If your dog or cat is enjoying the backyard, be sure to check on them frequently and bring them inside after a while. Even though our pets have coats, they need shelter to help regain their warmth. If your pet is shivering, she’s too cold.
Remember that senior pets and young pets have a tougher time regulating their body temperatures.
6. Opt for Natural Rodent Remedies
Rodenticides can kill your pets. While rats, mice, and bats don’t make the best roommates, the chemicals used to poison them can cause permanent damage or death to your pets.
Try trapping instead of poisoning. And keep those traps far from where your dog or cat will find them.
Happy Fall from Our Practice to You and Your Furry Family
Enjoy the love, memories, and unbeatable adventures that arrive with the autumn breeze with your pets. Keep your pets safe and prevent accidents before they happen. If you need to refill your pets’ flea and tick prevention prescription, give us a call.
We hope your fall is filled with friends, family, and more treats than tricks!
Image credit: Pexels / Jb Jorge Barreto
As you’re shopping for the holiday season, you may ask yourself, “What’s the best gift I can give my pet?” While pet sweaters are cute and can make for adorable holiday cards, we believe the best present a pet parent can gift their pet is a healthy, happy life. When you invest in your pet’s wellbeing, you’re giving the most heartfelt gift a pet could ask for (if they knew how to speak). As a pet parent, you are your pet’s advocate for a better life. You’re like Santa but better--you have the opportunity to make your pet merrier every day of the year.
The dog days of summer are here. For many, this season comes with endless possibilities for having fun with your pets, like picnics, nature walks, and swimming pools. After being stuck at home for so long due to COVID-19, we bet you’re looking to break up the boredom with some outdoor adventures.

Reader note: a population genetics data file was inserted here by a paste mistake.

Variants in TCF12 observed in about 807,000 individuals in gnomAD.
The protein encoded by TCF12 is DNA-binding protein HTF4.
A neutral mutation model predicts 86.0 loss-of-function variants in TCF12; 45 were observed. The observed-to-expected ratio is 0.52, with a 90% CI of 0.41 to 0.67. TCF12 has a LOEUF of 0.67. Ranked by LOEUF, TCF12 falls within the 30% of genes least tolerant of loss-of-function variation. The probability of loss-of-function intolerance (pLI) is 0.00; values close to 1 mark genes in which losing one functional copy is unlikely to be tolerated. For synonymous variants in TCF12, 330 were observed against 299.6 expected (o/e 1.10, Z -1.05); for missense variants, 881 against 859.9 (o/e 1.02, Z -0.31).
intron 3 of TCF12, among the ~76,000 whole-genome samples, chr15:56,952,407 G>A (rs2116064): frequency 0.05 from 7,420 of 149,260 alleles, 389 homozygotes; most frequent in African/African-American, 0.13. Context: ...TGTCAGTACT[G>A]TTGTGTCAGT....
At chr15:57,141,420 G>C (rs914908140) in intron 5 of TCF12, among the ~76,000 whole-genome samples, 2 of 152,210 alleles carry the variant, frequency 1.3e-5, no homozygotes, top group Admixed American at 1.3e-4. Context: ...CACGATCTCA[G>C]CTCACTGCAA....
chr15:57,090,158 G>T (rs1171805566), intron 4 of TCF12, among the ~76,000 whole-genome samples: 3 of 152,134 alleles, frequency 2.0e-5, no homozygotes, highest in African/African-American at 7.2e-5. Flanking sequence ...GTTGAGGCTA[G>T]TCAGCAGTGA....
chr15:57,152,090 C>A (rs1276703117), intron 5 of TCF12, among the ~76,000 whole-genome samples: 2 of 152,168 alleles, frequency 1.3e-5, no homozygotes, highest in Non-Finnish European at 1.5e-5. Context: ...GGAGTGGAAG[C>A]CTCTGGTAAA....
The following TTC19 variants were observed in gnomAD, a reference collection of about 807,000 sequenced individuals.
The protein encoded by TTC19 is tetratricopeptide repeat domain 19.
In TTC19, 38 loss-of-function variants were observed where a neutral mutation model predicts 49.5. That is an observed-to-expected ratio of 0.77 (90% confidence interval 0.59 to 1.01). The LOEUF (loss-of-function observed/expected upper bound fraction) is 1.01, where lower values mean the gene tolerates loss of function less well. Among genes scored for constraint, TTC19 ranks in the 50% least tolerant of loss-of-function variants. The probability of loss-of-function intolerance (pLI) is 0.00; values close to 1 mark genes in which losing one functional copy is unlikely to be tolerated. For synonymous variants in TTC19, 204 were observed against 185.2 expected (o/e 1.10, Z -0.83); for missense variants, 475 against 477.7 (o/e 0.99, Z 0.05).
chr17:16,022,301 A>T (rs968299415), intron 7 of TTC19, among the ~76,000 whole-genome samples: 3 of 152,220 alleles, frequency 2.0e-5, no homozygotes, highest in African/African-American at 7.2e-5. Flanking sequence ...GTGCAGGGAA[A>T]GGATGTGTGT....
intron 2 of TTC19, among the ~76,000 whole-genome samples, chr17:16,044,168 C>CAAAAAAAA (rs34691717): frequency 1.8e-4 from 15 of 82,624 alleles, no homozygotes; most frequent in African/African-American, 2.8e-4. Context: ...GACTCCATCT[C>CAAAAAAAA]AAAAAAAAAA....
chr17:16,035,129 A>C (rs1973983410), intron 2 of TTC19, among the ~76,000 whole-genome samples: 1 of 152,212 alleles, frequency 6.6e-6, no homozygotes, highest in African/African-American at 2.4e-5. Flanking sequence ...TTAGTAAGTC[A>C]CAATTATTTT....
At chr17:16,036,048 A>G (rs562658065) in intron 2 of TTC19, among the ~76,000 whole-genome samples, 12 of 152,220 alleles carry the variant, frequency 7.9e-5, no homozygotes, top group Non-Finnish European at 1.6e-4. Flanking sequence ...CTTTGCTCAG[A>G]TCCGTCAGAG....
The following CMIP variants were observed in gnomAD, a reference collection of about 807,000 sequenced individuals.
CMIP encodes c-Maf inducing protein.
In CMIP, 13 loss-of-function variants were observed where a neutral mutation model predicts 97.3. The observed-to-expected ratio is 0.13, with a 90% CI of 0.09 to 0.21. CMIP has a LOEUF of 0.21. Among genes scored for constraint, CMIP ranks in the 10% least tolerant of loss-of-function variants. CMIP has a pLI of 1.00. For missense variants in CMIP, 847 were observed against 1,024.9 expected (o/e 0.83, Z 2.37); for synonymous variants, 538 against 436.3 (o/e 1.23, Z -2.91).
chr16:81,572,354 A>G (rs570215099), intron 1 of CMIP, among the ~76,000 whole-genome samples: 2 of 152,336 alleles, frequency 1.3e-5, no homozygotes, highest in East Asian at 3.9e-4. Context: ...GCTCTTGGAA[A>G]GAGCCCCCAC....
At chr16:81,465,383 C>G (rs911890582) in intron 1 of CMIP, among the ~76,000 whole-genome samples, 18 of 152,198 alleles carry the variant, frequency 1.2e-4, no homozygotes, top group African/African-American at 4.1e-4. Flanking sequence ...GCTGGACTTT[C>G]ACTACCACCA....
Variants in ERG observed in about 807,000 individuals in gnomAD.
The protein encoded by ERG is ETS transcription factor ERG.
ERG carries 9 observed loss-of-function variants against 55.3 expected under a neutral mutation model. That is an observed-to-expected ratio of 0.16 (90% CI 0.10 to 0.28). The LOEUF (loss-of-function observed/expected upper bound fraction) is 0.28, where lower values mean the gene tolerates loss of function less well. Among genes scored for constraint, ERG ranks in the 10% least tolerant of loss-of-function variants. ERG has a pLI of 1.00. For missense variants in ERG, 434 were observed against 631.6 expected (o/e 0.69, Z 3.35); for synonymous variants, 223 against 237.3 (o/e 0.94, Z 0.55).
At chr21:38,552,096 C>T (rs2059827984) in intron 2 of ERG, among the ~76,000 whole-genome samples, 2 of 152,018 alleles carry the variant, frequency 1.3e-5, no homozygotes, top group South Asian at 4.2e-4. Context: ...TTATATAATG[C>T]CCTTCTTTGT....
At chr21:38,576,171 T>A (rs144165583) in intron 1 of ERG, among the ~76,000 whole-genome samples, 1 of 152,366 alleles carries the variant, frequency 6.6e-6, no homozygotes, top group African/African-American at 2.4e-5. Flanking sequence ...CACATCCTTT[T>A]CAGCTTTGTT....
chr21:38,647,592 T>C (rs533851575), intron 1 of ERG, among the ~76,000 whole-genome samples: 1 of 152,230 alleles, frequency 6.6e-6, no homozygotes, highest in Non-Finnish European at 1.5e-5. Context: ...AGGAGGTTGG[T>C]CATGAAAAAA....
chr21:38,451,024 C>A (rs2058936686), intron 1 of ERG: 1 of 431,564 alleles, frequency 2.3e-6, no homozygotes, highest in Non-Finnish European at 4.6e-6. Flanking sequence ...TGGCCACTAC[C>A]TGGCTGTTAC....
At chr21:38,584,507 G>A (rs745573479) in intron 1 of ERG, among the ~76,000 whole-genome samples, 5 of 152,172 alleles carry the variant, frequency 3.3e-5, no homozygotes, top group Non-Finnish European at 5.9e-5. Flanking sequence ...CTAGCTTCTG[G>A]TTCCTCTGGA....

March is Pet Poison Prevention Month. Many pet parents are surprised by the number of seemingly harmless items around the house that can cause serious injury or death for cats and dogs. To help you march through this spring and into the rest of the year with a safer home for your animal companions, here are the most common and dangerous household poisons to keep away from your pets.
Did you know that February is National Pet Dental Health Month? We love that this month is devoted to your canine’s canines, your kitty’s chompers, and your pet’s pearly whites. While your companion’s mouth may be a source of kisses and smiles, pet parents may overlook how much their pet’s dental health affects their overall well-being.
Are you ready to ring in the New Year with some new tricks to teach your dog or cat? Yes--cats can learn tricks, and they’re rather good at it! January is “Train Your Pet Month”. You can celebrate with your best friend by teaching them a few new moves to impress the neighbors. It’s also a great time to make an appointment with our clinic to work on breaking some bad habits if you’re concerned about new or recurring behaviors that are getting in the way of the bond you share.